Seventeen months after leaving Dominion Terminal Associates in Newport News, the Cypriot cargo ship Trade Daring sank at a Brazilian pier.

Workers there were loading the 22-year-old vessel with iron ore in December when the hull cracked, buckled and moments later settled more than 70 feet underwater.It's the kind of disaster that could cripple a coal exporter like DTA - and the kind of disaster the Coast Guard is trying harder to prevent.


Last May, the Coast Guard stepped up inspections of the hundreds of foreign-flagged vessels that call at U.S. harbors each month. It feared that shipping companies - caught in a prolonged slump - were making do with poorly maintained vessels rather than investing in costly repairs or new vessels.

"I think that what we were seeing was a general decay of ships, simply

because the bulk fleets and the tanker fleets were not buying a lot of new ships," said the president of the local Pilots Association, Capt. Rick Amory.

Many of the cargo vessels in use today are between 20 and 30 years old. The new U.S. policy, called port-state control, mirrors those of 15 European countries and Canada, which already had established programs to rid their harbors of unsafe vessels.

U.S.-flagged vessels, which in 1993 accounted for about one in five of the 2,590 ships that visited Hampton Roads, already were subject to extensive annual reviews that often took several days.


U.S. port-state control inspections focus on everything from the ship's navigational charts to the structural soundness of the hull. The idea is that, rather than risk having their ships detained, owners will maintain the vessels.

So far it's working, said Capt. Amory, whose association is responsible for guiding ships into Hampton Roads.

"I think that the concerns about substandard ships coming here were probably significant up until the Coast Guard started its inspections," he said. "But since the inspections have been taking place, substandard shipping has diminished. There is a greater effort being made on behalf of the ships' owners. Time is money to these shippers."

Much of the inspection centers on living conditions aboard the vessels.

"One of the biggest concerns is for the welfare of the crew on the ship," said Coast Guard Lt. j.g. Chris Cataldi, who serves in the Norfolk office. ''Obviously if there were safety items that we knew of and we let the ship go and something happened to the crew, that wouldn't look good for the U.S."


Inspections also are designed to ensure that marine traffic can continue to move freely through Hampton Roads, a major engine of the area's economic growth. In 1992, the most recent year for which statistics were available, Virginia's ports supported more than 19,800 jobs, most held by residents of Norfolk and Newport News.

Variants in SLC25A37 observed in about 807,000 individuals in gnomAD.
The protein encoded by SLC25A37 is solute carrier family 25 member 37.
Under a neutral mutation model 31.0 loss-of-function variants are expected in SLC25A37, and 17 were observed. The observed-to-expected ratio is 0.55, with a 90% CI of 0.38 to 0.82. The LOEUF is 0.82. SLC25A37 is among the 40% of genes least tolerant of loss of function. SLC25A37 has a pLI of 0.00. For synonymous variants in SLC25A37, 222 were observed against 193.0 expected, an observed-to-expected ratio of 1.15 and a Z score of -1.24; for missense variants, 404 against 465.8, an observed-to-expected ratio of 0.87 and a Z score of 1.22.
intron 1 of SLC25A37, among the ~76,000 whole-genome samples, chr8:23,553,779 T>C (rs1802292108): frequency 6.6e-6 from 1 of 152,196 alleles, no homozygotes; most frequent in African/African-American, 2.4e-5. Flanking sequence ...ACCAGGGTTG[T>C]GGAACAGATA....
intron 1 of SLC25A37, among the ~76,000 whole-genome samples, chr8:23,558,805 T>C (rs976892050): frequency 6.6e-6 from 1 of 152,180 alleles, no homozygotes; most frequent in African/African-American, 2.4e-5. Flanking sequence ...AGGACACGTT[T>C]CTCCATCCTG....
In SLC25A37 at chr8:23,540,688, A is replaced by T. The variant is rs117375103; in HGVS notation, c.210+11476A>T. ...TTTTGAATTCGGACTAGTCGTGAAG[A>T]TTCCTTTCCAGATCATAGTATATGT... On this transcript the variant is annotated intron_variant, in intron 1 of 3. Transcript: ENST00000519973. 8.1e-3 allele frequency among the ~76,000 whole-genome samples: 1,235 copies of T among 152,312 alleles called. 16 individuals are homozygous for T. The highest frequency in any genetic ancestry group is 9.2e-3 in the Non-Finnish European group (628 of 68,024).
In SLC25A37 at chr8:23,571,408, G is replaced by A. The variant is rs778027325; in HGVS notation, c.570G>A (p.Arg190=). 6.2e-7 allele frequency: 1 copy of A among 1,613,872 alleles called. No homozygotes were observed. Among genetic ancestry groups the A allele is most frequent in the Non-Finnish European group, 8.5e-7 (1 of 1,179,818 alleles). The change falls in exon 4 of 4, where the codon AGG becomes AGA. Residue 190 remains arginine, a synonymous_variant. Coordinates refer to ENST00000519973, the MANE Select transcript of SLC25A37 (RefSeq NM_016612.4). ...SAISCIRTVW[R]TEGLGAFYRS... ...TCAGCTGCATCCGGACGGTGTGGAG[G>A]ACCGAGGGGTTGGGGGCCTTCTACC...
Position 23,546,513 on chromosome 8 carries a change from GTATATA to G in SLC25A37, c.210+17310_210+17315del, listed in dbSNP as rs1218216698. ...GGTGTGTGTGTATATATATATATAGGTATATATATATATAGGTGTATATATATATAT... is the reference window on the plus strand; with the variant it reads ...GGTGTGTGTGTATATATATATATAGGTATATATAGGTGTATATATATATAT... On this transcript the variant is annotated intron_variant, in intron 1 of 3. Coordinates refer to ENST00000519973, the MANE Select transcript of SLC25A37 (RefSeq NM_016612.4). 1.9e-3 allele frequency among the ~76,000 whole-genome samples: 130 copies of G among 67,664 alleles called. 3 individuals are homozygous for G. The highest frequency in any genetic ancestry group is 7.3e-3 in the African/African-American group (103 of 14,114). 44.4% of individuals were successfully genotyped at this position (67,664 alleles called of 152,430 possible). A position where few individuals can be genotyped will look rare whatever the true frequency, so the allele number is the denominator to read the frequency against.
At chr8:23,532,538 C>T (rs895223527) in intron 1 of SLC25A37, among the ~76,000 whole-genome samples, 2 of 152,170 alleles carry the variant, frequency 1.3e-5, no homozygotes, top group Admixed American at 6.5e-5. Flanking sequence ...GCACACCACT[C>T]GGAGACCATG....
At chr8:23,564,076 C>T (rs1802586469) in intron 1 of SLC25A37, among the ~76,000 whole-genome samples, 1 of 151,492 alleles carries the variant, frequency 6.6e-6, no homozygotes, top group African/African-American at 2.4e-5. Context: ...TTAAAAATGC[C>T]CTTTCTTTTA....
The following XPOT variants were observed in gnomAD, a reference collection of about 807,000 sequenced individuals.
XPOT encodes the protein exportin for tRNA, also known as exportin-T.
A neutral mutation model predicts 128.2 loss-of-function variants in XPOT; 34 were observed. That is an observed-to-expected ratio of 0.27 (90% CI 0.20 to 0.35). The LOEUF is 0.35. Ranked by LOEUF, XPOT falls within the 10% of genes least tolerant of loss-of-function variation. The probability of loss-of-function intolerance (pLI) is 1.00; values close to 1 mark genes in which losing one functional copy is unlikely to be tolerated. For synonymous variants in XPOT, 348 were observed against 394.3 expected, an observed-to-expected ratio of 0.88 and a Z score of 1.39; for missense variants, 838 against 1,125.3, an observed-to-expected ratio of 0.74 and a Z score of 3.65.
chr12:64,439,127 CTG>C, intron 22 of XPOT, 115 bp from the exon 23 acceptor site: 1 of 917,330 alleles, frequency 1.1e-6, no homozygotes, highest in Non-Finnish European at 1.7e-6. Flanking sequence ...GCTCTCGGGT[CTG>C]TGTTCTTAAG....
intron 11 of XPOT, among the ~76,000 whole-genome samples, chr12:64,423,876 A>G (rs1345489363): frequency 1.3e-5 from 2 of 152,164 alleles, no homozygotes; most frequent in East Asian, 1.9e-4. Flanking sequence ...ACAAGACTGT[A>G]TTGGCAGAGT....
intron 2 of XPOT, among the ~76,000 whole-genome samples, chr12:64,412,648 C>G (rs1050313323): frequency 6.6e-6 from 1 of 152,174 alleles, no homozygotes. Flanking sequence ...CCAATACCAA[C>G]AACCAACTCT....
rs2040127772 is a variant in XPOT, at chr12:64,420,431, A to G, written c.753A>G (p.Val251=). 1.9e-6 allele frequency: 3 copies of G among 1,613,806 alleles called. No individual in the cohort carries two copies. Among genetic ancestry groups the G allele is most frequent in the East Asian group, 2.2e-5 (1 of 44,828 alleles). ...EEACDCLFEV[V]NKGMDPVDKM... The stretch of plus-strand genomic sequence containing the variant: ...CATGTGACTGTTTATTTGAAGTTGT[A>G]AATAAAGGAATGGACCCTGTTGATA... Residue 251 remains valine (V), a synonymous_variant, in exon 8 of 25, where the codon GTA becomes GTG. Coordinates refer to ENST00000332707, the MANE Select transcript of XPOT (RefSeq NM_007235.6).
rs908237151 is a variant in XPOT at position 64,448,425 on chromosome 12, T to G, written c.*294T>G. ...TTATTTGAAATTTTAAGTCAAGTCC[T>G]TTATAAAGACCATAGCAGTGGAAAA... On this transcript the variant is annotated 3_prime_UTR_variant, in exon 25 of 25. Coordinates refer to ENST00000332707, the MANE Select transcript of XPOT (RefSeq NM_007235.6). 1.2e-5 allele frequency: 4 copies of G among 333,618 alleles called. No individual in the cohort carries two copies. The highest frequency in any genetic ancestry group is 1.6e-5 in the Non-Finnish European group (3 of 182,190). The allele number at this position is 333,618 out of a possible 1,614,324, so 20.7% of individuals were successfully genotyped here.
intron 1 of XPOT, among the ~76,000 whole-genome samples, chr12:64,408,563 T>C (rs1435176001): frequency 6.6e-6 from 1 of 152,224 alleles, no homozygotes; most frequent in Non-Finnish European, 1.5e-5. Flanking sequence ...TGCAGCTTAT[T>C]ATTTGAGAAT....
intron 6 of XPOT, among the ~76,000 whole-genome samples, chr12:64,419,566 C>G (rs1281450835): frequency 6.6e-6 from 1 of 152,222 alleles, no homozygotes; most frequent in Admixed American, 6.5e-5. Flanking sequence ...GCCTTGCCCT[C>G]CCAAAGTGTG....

Well over a thousand vessels have come through Hampton Roads this year, delivering or loading everything from coal and cocoa beans to massive pieces of machinery. Disabled, just one of those ships could block the harbor's shipping lanes, stopping traffic into and out of Hampton Roads and other inland ports along the James River.

According to the Coast Guard's new policy, each foreign-flagged ship must be inspected at least once a year. However, officers inspect many ships - especially those carrying the flags of nations with lax standards and a history of safety violations - far more often.


The Coast Guard has targeted 15 countries as high-risk, including Cyprus, which has the fourth-largest fleet in the world, Honduras, Malta, and St. Vincent and the Grenadines.

In addition, the Coast Guard has singled out about 80 owners worldwide with a history of operating substandard ships.

Of the ships that came through Hampton Roads during the first half of the year, the Coast Guard inspected nearly 200 - 24 of which it detained for serious safety violations.

"We're averaging about one a week," Cataldi said. That's slightly higher than most other U.S. ports, said Lt. J.R. Crooks, chief of the Coast Guard's vessel safety department.

He attributed Hampton Roads' high detention rate to the fact that low- value commodities like coal make up the vast majority of cargo moving through the port. Since such products aren't worth much per ton, companies may be more likely to risk loading it onto a substandard vessel.

The Emma D.P. Seconda of the Bahamas was stuck here for only a short time, while the crew made minor repairs that included cleaning oil off the deck and fixing a life raft. That ship, which visited both of Newport News' coal terminals this year, was detained for two days before the Coast Guard released it in March.

Others, like the Bahamian-flagged cargo ship Magnolia, had far more serious problems, from rotting lifeboats to damaged firefighting equipment. The Coast Guard found 40 safety violations aboard the Magnolia, bound for the deep-water terminal in Richmond, and demanded that it be repaired before allowing it to continue. "We'd like to make sure that ship never returns to the U.S.," Mr. Crooks said.


Still, the Magnolia's problems paled in comparison to those of the Taxiarchis, a Greek freighter en route to Canada that limped into Newport News in June 1994 after its engines quit at sea.

"That was the worst ship I've ever seen," said Coast Guard Chief Board Officer Jerry McMillan.

The Taxiarchis, which was detained in Puerto Rico for nearly a month before sailing up the coast, spent nine months moored at a city pier. The costly incident forced the owner to sell the vessel, and its new owners eventually made enough repairs to sail the vessel out of U.S. waters.

"Obviously, more of the vessels we board are in good shape than in poor shape," Mr. Cataldi said. "Still, there is a significant amount that we are concerned with."